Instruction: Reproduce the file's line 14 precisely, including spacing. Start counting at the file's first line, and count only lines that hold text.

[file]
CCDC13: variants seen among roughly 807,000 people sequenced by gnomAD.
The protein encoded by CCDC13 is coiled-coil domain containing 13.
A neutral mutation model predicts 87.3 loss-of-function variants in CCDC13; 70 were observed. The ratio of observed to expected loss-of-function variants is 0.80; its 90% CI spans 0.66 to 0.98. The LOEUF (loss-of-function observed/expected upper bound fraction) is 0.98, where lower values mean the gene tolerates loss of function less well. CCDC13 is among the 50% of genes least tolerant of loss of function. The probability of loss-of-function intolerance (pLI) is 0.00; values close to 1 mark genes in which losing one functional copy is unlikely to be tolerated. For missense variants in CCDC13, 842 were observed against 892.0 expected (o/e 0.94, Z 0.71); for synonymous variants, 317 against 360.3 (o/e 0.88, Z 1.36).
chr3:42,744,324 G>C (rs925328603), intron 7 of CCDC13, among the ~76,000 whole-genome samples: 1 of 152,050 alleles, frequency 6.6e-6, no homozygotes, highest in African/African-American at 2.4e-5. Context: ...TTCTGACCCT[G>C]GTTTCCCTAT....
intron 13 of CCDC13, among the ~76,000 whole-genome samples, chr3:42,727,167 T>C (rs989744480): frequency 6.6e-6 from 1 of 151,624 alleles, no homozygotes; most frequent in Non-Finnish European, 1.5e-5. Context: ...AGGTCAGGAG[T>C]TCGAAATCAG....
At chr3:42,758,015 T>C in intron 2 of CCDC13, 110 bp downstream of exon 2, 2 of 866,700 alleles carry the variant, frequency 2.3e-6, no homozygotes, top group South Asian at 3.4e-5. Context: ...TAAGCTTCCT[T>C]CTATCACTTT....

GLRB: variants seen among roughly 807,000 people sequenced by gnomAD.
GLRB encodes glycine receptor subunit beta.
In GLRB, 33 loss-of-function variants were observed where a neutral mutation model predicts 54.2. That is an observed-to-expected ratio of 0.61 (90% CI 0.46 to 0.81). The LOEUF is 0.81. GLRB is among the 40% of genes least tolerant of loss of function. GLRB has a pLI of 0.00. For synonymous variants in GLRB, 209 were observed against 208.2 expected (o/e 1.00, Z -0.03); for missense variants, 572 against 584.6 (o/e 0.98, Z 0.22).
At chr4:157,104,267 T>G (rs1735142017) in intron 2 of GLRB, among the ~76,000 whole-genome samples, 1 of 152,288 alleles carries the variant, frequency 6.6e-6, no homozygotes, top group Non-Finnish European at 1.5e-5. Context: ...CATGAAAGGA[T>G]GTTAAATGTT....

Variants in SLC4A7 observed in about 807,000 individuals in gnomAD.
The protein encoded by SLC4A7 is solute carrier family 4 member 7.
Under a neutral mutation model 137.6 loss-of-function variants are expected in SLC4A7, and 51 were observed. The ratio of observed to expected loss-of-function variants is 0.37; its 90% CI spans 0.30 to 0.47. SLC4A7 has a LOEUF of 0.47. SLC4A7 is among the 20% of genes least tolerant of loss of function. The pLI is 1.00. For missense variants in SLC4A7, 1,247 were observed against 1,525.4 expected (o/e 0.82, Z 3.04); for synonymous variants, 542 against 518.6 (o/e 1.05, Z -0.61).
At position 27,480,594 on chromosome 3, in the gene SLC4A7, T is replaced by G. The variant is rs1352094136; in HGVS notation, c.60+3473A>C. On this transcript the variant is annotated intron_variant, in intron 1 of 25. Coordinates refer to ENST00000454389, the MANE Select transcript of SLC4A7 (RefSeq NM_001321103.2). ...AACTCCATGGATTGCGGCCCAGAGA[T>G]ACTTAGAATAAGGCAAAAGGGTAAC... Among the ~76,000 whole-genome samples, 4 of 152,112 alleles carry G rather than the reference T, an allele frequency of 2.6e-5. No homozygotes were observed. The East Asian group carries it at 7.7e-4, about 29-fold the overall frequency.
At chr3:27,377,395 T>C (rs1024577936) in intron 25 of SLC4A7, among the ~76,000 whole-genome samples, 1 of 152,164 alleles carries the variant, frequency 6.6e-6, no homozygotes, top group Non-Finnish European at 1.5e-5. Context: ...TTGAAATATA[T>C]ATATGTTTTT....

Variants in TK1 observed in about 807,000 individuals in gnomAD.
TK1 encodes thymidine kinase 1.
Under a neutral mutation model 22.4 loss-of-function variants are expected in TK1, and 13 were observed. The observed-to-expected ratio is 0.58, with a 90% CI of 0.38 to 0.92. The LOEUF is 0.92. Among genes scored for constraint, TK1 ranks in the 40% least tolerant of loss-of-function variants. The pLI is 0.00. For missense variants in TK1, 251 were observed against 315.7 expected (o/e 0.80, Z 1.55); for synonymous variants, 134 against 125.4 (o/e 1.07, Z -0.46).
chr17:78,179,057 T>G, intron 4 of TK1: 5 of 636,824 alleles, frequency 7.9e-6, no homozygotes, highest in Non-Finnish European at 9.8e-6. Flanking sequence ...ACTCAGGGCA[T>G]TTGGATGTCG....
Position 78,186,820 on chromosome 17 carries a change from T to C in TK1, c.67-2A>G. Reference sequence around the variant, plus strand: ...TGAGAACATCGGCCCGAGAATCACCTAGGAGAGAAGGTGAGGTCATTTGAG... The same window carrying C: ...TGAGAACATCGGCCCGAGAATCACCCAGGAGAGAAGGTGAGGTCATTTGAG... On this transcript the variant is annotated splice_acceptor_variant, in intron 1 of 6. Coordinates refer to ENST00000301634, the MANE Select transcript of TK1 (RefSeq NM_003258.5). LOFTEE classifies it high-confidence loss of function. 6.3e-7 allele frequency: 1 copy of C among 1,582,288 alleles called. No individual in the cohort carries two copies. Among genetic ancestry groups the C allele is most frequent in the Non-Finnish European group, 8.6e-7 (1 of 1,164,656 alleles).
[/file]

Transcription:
At position 27,480,594 on chromosome 3, in the gene SLC4A7, T is replaced by G. The variant is rs1352094136; in HGVS notation, c.60+3473A>C. On this transcript the variant is annotated intron_variant, in intron 1 of 25. Coordinates refer to ENST00000454389, the MANE Select transcript of SLC4A7 (RefSeq NM_001321103.2). ...AACTCCATGGATTGCGGCCCAGAGA[T>G]ACTTAGAATAAGGCAAAAGGGTAAC... Among the ~76,000 whole-genome samples, 4 of 152,112 alleles carry G rather than the reference T, an allele frequency of 2.6e-5. No homozygotes were observed. The East Asian group carries it at 7.7e-4, about 29-fold the overall frequency.